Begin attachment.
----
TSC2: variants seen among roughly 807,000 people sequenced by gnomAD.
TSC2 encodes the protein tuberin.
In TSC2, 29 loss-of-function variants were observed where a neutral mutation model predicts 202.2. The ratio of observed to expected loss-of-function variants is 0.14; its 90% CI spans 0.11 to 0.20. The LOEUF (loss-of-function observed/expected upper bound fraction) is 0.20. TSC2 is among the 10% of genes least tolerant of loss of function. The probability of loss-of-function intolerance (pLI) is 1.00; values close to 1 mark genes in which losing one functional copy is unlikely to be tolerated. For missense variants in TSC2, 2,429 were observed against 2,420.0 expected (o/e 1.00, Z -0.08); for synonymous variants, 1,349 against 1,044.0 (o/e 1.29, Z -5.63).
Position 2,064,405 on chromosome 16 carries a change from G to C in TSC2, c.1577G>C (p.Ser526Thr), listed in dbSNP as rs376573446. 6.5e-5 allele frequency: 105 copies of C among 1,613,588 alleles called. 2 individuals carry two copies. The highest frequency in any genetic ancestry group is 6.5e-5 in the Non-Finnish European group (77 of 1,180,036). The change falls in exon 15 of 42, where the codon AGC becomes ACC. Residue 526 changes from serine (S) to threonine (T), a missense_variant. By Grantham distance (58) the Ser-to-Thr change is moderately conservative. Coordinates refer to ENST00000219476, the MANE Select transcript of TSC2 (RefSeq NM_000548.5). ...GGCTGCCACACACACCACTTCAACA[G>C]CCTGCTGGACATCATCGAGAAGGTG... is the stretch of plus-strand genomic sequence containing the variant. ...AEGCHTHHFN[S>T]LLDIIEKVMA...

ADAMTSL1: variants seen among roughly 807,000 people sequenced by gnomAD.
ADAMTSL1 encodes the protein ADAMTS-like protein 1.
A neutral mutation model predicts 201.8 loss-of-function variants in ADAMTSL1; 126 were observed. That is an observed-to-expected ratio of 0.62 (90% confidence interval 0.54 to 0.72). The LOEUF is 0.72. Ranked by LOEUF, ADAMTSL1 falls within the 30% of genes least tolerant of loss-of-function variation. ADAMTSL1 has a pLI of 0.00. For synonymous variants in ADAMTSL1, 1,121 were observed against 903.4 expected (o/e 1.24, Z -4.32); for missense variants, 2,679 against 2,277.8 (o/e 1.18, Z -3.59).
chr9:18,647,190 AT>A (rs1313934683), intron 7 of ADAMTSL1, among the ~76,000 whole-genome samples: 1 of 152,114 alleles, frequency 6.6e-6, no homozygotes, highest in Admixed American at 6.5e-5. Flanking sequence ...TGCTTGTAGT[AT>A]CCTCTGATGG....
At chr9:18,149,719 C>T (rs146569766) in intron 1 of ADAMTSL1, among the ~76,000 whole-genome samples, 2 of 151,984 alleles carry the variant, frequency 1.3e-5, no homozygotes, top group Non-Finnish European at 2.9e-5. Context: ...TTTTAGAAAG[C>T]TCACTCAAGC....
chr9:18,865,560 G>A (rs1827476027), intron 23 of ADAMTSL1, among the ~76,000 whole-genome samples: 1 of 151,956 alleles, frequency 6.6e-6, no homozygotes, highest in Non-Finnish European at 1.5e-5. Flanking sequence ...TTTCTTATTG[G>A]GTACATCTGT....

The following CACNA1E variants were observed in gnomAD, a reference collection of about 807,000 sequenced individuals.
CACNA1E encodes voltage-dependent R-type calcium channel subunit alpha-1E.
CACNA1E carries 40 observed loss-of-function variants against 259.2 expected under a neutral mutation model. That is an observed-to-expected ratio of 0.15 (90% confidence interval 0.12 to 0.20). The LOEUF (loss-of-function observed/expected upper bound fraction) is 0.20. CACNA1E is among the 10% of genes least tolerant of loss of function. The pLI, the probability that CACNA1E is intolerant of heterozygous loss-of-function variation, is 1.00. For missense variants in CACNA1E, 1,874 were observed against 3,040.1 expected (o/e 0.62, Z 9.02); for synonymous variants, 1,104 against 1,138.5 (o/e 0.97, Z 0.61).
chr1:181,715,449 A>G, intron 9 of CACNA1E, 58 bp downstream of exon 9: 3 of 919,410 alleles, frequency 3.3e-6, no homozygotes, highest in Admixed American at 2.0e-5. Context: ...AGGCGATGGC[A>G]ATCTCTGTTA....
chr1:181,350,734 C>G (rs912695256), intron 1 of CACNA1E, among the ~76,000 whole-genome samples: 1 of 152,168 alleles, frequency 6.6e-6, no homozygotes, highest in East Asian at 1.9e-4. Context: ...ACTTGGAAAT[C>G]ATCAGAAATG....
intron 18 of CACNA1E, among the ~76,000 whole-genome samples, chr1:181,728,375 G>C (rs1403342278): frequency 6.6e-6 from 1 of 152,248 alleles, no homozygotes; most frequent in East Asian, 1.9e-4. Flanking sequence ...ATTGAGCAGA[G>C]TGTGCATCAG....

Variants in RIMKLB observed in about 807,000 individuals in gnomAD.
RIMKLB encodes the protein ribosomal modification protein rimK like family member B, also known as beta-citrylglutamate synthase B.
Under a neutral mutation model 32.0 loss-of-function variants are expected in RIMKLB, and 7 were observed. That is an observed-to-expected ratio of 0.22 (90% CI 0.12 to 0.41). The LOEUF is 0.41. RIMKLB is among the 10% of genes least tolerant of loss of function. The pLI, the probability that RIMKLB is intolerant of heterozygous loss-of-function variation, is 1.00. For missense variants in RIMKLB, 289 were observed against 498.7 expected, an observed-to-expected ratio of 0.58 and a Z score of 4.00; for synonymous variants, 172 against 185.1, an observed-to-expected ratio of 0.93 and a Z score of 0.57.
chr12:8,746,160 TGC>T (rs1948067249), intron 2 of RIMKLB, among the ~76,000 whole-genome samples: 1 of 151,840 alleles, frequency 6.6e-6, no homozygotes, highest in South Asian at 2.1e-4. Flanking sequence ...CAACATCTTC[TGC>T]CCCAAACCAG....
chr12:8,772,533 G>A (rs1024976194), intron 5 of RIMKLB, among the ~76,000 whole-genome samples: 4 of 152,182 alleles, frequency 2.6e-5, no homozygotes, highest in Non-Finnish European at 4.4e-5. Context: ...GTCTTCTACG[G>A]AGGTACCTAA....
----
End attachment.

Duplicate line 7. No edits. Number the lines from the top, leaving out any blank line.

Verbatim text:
A neutral mutation model predicts 201.8 loss-of-function variants in ADAMTSL1; 126 were observed. That is an observed-to-expected ratio of 0.62 (90% confidence interval 0.54 to 0.72). The LOEUF is 0.72. Ranked by LOEUF, ADAMTSL1 falls within the 30% of genes least tolerant of loss-of-function variation. ADAMTSL1 has a pLI of 0.00. For synonymous variants in ADAMTSL1, 1,121 were observed against 903.4 expected (o/e 1.24, Z -4.32); for missense variants, 2,679 against 2,277.8 (o/e 1.18, Z -3.59).